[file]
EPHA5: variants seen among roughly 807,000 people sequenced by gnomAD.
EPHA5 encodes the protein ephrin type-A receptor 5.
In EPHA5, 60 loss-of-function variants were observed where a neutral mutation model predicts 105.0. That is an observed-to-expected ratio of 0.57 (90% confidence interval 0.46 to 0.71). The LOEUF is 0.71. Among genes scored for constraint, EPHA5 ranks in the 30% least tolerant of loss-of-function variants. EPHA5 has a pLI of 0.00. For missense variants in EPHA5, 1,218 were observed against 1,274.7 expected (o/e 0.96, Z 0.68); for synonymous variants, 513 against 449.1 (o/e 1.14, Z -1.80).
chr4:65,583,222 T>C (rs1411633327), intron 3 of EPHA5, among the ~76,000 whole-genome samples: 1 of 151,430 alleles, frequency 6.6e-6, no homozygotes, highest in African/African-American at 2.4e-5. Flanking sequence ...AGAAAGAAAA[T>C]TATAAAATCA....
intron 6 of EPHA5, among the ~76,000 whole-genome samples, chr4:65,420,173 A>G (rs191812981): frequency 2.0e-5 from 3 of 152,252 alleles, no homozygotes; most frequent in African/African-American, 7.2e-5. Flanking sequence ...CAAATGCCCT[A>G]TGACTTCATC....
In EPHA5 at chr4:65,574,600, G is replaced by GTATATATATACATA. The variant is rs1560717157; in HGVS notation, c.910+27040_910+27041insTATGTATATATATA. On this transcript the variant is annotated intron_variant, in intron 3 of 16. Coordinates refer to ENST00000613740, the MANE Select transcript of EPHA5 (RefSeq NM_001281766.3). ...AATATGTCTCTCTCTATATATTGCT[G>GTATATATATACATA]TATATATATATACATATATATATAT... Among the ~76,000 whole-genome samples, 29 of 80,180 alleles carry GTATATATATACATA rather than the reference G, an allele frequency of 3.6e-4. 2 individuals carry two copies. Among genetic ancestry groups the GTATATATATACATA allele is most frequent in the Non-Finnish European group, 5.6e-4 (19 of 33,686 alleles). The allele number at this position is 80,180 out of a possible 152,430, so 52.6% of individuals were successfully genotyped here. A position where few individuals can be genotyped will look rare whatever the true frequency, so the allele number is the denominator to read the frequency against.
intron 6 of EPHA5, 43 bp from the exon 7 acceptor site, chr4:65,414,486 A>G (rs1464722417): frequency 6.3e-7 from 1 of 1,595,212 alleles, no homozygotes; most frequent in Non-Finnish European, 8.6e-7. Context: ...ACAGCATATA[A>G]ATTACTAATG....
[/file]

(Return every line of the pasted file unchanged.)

EPHA5: variants seen among roughly 807,000 people sequenced by gnomAD.
EPHA5 encodes the protein ephrin type-A receptor 5.
In EPHA5, 60 loss-of-function variants were observed where a neutral mutation model predicts 105.0. That is an observed-to-expected ratio of 0.57 (90% confidence interval 0.46 to 0.71). The LOEUF is 0.71. Among genes scored for constraint, EPHA5 ranks in the 30% least tolerant of loss-of-function variants. EPHA5 has a pLI of 0.00. For missense variants in EPHA5, 1,218 were observed against 1,274.7 expected (o/e 0.96, Z 0.68); for synonymous variants, 513 against 449.1 (o/e 1.14, Z -1.80).
chr4:65,583,222 T>C (rs1411633327), intron 3 of EPHA5, among the ~76,000 whole-genome samples: 1 of 151,430 alleles, frequency 6.6e-6, no homozygotes, highest in African/African-American at 2.4e-5. Flanking sequence ...AGAAAGAAAA[T>C]TATAAAATCA....
intron 6 of EPHA5, among the ~76,000 whole-genome samples, chr4:65,420,173 A>G (rs191812981): frequency 2.0e-5 from 3 of 152,252 alleles, no homozygotes; most frequent in African/African-American, 7.2e-5. Flanking sequence ...CAAATGCCCT[A>G]TGACTTCATC....
In EPHA5 at chr4:65,574,600, G is replaced by GTATATATATACATA. The variant is rs1560717157; in HGVS notation, c.910+27040_910+27041insTATGTATATATATA. On this transcript the variant is annotated intron_variant, in intron 3 of 16. Coordinates refer to ENST00000613740, the MANE Select transcript of EPHA5 (RefSeq NM_001281766.3). ...AATATGTCTCTCTCTATATATTGCT[G>GTATATATATACATA]TATATATATATACATATATATATAT... Among the ~76,000 whole-genome samples, 29 of 80,180 alleles carry GTATATATATACATA rather than the reference G, an allele frequency of 3.6e-4. 2 individuals carry two copies. Among genetic ancestry groups the GTATATATATACATA allele is most frequent in the Non-Finnish European group, 5.6e-4 (19 of 33,686 alleles). The allele number at this position is 80,180 out of a possible 152,430, so 52.6% of individuals were successfully genotyped here. A position where few individuals can be genotyped will look rare whatever the true frequency, so the allele number is the denominator to read the frequency against.
intron 6 of EPHA5, 43 bp from the exon 7 acceptor site, chr4:65,414,486 A>G (rs1464722417): frequency 6.3e-7 from 1 of 1,595,212 alleles, no homozygotes; most frequent in Non-Finnish European, 8.6e-7. Context: ...ACAGCATATA[A>G]ATTACTAATG....